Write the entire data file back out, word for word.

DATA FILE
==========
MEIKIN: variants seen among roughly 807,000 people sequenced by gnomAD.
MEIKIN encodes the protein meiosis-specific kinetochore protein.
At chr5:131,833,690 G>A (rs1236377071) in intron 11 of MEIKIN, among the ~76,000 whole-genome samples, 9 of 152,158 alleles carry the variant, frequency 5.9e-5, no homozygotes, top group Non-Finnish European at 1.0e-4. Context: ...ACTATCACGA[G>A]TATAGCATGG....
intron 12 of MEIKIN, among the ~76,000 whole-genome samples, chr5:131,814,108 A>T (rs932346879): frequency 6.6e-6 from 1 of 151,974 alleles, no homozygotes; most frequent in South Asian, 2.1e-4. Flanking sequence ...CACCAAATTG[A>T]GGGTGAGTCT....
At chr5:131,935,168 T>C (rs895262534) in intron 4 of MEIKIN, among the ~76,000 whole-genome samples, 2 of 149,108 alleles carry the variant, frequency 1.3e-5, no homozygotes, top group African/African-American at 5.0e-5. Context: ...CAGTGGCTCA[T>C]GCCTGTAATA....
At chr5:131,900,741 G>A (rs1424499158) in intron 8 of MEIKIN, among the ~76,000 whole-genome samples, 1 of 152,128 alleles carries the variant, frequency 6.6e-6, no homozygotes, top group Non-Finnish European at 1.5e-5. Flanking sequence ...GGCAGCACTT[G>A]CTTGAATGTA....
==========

MEIKIN: variants seen among roughly 807,000 people sequenced by gnomAD.
MEIKIN encodes the protein meiosis-specific kinetochore protein.
At chr5:131,833,690 G>A (rs1236377071) in intron 11 of MEIKIN, among the ~76,000 whole-genome samples, 9 of 152,158 alleles carry the variant, frequency 5.9e-5, no homozygotes, top group Non-Finnish European at 1.0e-4. Context: ...ACTATCACGA[G>A]TATAGCATGG....
intron 12 of MEIKIN, among the ~76,000 whole-genome samples, chr5:131,814,108 A>T (rs932346879): frequency 6.6e-6 from 1 of 151,974 alleles, no homozygotes; most frequent in South Asian, 2.1e-4. Flanking sequence ...CACCAAATTG[A>T]GGGTGAGTCT....
At chr5:131,935,168 T>C (rs895262534) in intron 4 of MEIKIN, among the ~76,000 whole-genome samples, 2 of 149,108 alleles carry the variant, frequency 1.3e-5, no homozygotes, top group African/African-American at 5.0e-5. Context: ...CAGTGGCTCA[T>C]GCCTGTAATA....
At chr5:131,900,741 G>A (rs1424499158) in intron 8 of MEIKIN, among the ~76,000 whole-genome samples, 1 of 152,128 alleles carries the variant, frequency 6.6e-6, no homozygotes, top group Non-Finnish European at 1.5e-5. Flanking sequence ...GGCAGCACTT[G>A]CTTGAATGTA....